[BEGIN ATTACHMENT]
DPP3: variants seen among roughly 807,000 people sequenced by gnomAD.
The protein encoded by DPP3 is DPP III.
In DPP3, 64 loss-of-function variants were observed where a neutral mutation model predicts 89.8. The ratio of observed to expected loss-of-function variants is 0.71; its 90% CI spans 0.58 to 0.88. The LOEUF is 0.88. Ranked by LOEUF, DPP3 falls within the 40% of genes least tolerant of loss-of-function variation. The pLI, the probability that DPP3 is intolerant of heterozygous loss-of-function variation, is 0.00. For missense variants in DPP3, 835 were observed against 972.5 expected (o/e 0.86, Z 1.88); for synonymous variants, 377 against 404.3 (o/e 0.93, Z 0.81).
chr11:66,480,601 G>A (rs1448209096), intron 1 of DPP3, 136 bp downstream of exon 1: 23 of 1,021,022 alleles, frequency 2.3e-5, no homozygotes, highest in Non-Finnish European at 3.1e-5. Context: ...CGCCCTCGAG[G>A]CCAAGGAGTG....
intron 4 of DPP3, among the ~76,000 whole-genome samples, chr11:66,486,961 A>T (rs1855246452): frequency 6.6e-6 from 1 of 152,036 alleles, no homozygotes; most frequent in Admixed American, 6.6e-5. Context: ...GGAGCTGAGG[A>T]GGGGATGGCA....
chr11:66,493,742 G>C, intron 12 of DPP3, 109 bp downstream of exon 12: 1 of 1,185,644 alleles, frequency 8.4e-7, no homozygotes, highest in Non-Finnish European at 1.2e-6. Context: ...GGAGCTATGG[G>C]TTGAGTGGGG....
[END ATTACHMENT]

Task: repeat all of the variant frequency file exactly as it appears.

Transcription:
DPP3: variants seen among roughly 807,000 people sequenced by gnomAD.
The protein encoded by DPP3 is DPP III.
In DPP3, 64 loss-of-function variants were observed where a neutral mutation model predicts 89.8. The ratio of observed to expected loss-of-function variants is 0.71; its 90% CI spans 0.58 to 0.88. The LOEUF is 0.88. Ranked by LOEUF, DPP3 falls within the 40% of genes least tolerant of loss-of-function variation. The pLI, the probability that DPP3 is intolerant of heterozygous loss-of-function variation, is 0.00. For missense variants in DPP3, 835 were observed against 972.5 expected (o/e 0.86, Z 1.88); for synonymous variants, 377 against 404.3 (o/e 0.93, Z 0.81).
chr11:66,480,601 G>A (rs1448209096), intron 1 of DPP3, 136 bp downstream of exon 1: 23 of 1,021,022 alleles, frequency 2.3e-5, no homozygotes, highest in Non-Finnish European at 3.1e-5. Context: ...CGCCCTCGAG[G>A]CCAAGGAGTG....
intron 4 of DPP3, among the ~76,000 whole-genome samples, chr11:66,486,961 A>T (rs1855246452): frequency 6.6e-6 from 1 of 152,036 alleles, no homozygotes; most frequent in Admixed American, 6.6e-5. Context: ...GGAGCTGAGG[A>T]GGGGATGGCA....
chr11:66,493,742 G>C, intron 12 of DPP3, 109 bp downstream of exon 12: 1 of 1,185,644 alleles, frequency 8.4e-7, no homozygotes, highest in Non-Finnish European at 1.2e-6. Context: ...GGAGCTATGG[G>C]TTGAGTGGGG....